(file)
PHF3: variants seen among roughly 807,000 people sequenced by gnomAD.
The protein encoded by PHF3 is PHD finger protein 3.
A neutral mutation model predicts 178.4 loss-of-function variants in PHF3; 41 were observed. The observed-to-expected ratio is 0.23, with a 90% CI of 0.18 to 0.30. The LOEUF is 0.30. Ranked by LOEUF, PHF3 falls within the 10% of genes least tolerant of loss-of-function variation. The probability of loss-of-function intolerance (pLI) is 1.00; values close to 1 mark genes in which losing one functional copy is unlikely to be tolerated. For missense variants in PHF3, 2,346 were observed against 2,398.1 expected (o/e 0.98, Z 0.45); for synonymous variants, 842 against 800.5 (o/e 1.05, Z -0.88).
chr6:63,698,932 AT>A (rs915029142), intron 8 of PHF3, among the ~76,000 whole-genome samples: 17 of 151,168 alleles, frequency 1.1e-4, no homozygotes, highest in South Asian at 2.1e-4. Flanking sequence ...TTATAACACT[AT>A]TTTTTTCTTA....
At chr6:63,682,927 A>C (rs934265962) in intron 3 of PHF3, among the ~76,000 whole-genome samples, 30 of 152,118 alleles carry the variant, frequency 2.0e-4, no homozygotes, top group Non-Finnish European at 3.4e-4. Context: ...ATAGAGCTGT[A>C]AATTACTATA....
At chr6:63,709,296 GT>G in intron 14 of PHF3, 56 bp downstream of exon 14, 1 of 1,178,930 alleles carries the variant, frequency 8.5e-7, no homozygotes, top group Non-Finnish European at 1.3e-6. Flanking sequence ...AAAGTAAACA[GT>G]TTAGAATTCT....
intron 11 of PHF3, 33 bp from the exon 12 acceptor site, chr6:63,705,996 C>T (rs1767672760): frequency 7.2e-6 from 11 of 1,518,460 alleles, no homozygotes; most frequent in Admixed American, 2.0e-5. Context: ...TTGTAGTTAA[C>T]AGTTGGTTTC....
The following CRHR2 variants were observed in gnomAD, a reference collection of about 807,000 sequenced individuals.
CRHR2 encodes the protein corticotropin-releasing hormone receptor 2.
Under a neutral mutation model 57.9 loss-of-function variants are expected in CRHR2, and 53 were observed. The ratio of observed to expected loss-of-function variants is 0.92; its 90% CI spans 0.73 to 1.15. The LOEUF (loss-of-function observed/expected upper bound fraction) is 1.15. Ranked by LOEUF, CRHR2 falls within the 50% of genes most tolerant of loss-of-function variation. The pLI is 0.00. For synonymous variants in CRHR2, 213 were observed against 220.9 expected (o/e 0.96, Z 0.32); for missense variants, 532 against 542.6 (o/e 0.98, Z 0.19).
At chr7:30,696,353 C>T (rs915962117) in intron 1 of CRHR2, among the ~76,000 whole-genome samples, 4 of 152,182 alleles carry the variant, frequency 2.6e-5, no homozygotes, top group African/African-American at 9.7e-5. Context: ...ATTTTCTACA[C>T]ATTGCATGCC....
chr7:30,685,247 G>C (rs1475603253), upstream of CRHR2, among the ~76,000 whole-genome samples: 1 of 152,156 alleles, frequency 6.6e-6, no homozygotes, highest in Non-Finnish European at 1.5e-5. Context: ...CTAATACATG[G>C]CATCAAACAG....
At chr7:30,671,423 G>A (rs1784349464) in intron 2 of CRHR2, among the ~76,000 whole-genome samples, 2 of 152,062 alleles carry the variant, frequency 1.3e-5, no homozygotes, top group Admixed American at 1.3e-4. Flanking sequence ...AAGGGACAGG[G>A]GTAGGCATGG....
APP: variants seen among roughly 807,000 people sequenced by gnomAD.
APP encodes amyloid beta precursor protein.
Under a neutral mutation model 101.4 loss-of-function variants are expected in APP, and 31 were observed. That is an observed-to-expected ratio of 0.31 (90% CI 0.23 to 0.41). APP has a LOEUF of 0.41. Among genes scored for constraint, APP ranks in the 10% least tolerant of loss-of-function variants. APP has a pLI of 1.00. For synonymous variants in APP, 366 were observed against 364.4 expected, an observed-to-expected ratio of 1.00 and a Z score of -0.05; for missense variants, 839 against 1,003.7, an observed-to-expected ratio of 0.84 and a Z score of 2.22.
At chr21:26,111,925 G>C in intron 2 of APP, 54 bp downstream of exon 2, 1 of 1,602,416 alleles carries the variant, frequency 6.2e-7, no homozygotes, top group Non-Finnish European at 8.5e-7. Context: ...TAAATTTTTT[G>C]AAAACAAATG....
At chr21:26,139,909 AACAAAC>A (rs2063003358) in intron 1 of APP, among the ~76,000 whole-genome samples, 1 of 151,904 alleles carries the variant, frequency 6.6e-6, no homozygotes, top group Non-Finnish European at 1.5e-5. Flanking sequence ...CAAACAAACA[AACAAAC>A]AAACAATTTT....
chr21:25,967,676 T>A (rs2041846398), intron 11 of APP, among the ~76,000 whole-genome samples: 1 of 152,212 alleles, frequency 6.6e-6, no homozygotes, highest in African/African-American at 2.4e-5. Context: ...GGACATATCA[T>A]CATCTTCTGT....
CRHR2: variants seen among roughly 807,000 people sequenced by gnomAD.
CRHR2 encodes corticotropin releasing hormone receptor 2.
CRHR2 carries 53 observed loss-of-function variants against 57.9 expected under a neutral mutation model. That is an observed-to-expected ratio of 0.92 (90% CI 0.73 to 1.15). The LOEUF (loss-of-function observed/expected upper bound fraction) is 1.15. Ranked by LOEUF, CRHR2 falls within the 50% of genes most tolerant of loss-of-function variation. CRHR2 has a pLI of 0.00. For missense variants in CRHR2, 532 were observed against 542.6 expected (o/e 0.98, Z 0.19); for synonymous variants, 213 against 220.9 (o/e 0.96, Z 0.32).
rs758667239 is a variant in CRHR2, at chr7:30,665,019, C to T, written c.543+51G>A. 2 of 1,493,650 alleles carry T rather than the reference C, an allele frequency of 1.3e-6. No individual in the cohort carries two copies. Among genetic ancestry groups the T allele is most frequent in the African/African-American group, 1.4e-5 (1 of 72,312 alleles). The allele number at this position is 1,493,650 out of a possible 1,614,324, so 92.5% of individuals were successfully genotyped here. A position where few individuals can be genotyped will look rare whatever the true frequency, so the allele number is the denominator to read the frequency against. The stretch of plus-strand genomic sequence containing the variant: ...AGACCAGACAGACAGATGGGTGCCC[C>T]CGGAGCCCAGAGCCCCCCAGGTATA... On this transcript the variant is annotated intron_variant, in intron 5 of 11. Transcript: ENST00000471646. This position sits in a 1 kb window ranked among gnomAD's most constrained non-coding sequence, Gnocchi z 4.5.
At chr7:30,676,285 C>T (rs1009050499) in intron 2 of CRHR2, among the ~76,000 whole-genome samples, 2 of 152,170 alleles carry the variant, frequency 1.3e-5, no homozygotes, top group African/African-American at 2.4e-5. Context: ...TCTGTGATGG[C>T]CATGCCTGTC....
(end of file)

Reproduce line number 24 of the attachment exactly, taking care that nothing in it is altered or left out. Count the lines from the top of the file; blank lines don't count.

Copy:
At chr7:30,676,285 C>T (rs1009050499) in intron 2 of CRHR2, among the ~76,000 whole-genome samples, 2 of 152,170 alleles carry the variant, frequency 1.3e-5, no homozygotes, top group African/African-American at 2.4e-5. Context: ...TCTGTGATGG[C>T]CATGCCTGTC....